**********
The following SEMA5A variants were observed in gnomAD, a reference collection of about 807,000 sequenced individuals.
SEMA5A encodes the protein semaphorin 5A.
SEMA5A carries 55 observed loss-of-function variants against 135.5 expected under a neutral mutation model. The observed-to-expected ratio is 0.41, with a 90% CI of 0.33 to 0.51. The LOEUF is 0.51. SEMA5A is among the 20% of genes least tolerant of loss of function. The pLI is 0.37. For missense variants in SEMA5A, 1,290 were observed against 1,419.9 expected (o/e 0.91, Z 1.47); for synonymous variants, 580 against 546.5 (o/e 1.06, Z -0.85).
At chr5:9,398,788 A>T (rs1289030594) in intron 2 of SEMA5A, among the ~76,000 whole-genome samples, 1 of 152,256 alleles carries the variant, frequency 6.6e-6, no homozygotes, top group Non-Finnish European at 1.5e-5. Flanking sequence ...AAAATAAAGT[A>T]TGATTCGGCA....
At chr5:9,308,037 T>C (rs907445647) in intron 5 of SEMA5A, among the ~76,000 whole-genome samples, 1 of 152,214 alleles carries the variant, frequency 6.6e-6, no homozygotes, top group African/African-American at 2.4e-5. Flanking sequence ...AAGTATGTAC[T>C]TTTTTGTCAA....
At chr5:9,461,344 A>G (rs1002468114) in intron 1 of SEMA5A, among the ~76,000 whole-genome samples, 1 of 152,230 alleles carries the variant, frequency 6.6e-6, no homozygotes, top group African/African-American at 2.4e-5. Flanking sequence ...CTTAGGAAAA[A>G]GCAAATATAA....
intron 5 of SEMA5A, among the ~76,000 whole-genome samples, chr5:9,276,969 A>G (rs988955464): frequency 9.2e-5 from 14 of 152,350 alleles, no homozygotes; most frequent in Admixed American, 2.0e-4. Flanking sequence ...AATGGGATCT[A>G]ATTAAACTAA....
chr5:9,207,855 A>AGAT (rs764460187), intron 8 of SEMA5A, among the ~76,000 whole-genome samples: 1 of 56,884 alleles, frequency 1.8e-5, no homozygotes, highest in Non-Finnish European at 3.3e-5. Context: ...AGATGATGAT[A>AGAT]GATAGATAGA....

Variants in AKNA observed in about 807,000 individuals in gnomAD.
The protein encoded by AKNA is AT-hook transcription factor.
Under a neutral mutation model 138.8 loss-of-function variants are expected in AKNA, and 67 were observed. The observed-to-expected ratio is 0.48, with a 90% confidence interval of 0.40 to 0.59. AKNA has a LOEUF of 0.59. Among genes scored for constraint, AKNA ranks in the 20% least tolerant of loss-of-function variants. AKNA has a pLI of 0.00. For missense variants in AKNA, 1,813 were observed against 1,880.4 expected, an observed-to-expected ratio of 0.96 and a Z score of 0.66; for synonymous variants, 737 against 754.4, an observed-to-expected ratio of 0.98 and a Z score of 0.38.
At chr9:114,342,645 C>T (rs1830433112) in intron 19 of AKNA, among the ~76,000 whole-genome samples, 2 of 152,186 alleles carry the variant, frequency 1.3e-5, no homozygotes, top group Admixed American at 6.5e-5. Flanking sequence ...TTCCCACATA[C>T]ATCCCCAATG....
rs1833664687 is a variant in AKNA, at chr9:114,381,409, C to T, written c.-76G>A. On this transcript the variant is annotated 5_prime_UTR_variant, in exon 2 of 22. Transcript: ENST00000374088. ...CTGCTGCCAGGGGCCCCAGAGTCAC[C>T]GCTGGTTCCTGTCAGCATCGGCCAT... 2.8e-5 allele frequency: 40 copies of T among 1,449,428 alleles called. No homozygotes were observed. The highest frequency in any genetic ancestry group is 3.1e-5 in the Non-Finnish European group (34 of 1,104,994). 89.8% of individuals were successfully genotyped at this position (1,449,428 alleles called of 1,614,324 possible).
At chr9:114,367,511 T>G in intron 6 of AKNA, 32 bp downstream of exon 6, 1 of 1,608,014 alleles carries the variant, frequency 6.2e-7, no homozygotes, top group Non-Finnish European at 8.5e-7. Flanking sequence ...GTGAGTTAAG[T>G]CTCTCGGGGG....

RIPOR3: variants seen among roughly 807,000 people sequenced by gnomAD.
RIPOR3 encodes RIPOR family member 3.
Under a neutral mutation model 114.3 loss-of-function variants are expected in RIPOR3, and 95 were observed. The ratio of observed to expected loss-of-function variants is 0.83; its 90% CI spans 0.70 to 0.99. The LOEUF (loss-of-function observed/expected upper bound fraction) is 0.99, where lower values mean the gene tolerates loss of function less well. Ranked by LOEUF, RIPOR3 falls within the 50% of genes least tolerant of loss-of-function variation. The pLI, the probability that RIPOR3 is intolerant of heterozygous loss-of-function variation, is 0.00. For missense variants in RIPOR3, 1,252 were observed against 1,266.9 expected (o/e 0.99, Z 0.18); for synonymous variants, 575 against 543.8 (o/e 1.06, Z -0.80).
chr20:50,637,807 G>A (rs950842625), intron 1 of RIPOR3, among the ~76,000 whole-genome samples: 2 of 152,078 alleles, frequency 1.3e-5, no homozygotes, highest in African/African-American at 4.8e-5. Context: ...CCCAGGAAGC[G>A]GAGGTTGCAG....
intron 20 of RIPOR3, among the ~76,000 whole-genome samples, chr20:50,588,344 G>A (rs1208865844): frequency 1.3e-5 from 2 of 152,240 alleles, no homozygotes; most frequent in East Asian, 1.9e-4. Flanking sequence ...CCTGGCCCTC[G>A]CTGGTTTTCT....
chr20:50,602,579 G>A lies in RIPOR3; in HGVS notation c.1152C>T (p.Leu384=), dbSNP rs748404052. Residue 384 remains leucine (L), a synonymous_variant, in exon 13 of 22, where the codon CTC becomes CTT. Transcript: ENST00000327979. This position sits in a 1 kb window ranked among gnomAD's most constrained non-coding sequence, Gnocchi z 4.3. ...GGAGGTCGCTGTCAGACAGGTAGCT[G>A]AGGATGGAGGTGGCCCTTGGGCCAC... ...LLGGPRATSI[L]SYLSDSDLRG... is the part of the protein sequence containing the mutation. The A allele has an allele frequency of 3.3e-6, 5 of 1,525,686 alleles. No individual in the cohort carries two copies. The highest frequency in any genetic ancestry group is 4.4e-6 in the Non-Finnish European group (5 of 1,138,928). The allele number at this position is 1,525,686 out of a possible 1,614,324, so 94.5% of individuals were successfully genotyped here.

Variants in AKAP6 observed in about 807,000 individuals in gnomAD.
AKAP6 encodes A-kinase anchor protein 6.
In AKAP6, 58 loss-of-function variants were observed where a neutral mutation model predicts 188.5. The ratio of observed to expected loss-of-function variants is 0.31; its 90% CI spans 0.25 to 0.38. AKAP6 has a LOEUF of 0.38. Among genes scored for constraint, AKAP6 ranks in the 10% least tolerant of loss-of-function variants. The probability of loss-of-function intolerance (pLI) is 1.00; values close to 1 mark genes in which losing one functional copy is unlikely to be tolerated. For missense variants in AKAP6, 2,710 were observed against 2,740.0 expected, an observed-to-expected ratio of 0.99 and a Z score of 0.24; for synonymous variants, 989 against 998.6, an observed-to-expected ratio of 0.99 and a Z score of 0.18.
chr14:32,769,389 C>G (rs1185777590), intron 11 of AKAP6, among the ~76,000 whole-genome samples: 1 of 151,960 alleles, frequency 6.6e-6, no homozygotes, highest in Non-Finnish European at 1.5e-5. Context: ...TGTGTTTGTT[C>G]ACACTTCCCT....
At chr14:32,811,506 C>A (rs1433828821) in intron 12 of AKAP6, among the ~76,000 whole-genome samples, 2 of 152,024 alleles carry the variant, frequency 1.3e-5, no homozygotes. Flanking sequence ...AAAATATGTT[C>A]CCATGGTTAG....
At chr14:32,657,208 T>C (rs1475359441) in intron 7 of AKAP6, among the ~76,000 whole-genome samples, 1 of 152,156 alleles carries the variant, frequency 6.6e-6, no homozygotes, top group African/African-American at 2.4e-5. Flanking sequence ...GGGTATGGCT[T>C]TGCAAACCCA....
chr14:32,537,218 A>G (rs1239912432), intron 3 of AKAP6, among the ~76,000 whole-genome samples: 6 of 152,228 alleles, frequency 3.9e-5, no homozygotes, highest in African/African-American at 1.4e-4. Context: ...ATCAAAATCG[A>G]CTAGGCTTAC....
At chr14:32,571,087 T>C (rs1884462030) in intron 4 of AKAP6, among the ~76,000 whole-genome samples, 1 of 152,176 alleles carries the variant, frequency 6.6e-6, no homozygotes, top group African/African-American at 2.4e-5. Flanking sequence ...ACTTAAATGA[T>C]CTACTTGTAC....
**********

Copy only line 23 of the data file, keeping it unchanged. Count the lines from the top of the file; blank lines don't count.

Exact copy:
In AKAP6, 58 loss-of-function variants were observed where a neutral mutation model predicts 188.5. The ratio of observed to expected loss-of-function variants is 0.31; its 90% CI spans 0.25 to 0.38. AKAP6 has a LOEUF of 0.38. Among genes scored for constraint, AKAP6 ranks in the 10% least tolerant of loss-of-function variants. The probability of loss-of-function intolerance (pLI) is 1.00; values close to 1 mark genes in which losing one functional copy is unlikely to be tolerated. For missense variants in AKAP6, 2,710 were observed against 2,740.0 expected, an observed-to-expected ratio of 0.99 and a Z score of 0.24; for synonymous variants, 989 against 998.6, an observed-to-expected ratio of 0.99 and a Z score of 0.18.